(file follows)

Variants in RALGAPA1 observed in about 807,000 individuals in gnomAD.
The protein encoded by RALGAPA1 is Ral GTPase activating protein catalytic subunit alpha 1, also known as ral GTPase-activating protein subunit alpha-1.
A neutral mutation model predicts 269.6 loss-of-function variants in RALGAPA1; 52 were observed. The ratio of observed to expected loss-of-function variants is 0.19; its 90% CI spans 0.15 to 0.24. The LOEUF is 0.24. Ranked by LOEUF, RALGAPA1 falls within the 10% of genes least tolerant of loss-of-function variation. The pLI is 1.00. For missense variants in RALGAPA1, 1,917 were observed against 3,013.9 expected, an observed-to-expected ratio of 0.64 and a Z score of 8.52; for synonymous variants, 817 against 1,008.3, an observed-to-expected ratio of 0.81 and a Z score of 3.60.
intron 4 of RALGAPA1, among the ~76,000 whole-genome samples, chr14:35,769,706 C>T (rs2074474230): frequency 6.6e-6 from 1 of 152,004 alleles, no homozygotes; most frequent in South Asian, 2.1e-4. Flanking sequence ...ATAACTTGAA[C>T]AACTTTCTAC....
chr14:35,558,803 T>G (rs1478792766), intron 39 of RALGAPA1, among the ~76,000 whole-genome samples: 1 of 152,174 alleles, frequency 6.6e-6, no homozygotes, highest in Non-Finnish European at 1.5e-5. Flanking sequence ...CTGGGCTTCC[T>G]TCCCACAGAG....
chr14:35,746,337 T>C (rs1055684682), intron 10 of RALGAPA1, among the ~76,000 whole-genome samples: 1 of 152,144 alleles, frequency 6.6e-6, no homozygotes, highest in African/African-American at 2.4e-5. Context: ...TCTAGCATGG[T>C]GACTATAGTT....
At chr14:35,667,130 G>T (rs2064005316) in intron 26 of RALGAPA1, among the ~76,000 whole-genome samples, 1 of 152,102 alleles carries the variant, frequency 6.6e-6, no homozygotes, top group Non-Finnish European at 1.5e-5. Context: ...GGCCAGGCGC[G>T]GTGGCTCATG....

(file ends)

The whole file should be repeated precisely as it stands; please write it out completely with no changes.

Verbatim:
Variants in RALGAPA1 observed in about 807,000 individuals in gnomAD.
The protein encoded by RALGAPA1 is Ral GTPase activating protein catalytic subunit alpha 1, also known as ral GTPase-activating protein subunit alpha-1.
A neutral mutation model predicts 269.6 loss-of-function variants in RALGAPA1; 52 were observed. The ratio of observed to expected loss-of-function variants is 0.19; its 90% CI spans 0.15 to 0.24. The LOEUF is 0.24. Ranked by LOEUF, RALGAPA1 falls within the 10% of genes least tolerant of loss-of-function variation. The pLI is 1.00. For missense variants in RALGAPA1, 1,917 were observed against 3,013.9 expected, an observed-to-expected ratio of 0.64 and a Z score of 8.52; for synonymous variants, 817 against 1,008.3, an observed-to-expected ratio of 0.81 and a Z score of 3.60.
intron 4 of RALGAPA1, among the ~76,000 whole-genome samples, chr14:35,769,706 C>T (rs2074474230): frequency 6.6e-6 from 1 of 152,004 alleles, no homozygotes; most frequent in South Asian, 2.1e-4. Flanking sequence ...ATAACTTGAA[C>T]AACTTTCTAC....
chr14:35,558,803 T>G (rs1478792766), intron 39 of RALGAPA1, among the ~76,000 whole-genome samples: 1 of 152,174 alleles, frequency 6.6e-6, no homozygotes, highest in Non-Finnish European at 1.5e-5. Flanking sequence ...CTGGGCTTCC[T>G]TCCCACAGAG....
chr14:35,746,337 T>C (rs1055684682), intron 10 of RALGAPA1, among the ~76,000 whole-genome samples: 1 of 152,144 alleles, frequency 6.6e-6, no homozygotes, highest in African/African-American at 2.4e-5. Context: ...TCTAGCATGG[T>C]GACTATAGTT....
At chr14:35,667,130 G>T (rs2064005316) in intron 26 of RALGAPA1, among the ~76,000 whole-genome samples, 1 of 152,102 alleles carries the variant, frequency 6.6e-6, no homozygotes, top group Non-Finnish European at 1.5e-5. Context: ...GGCCAGGCGC[G>T]GTGGCTCATG....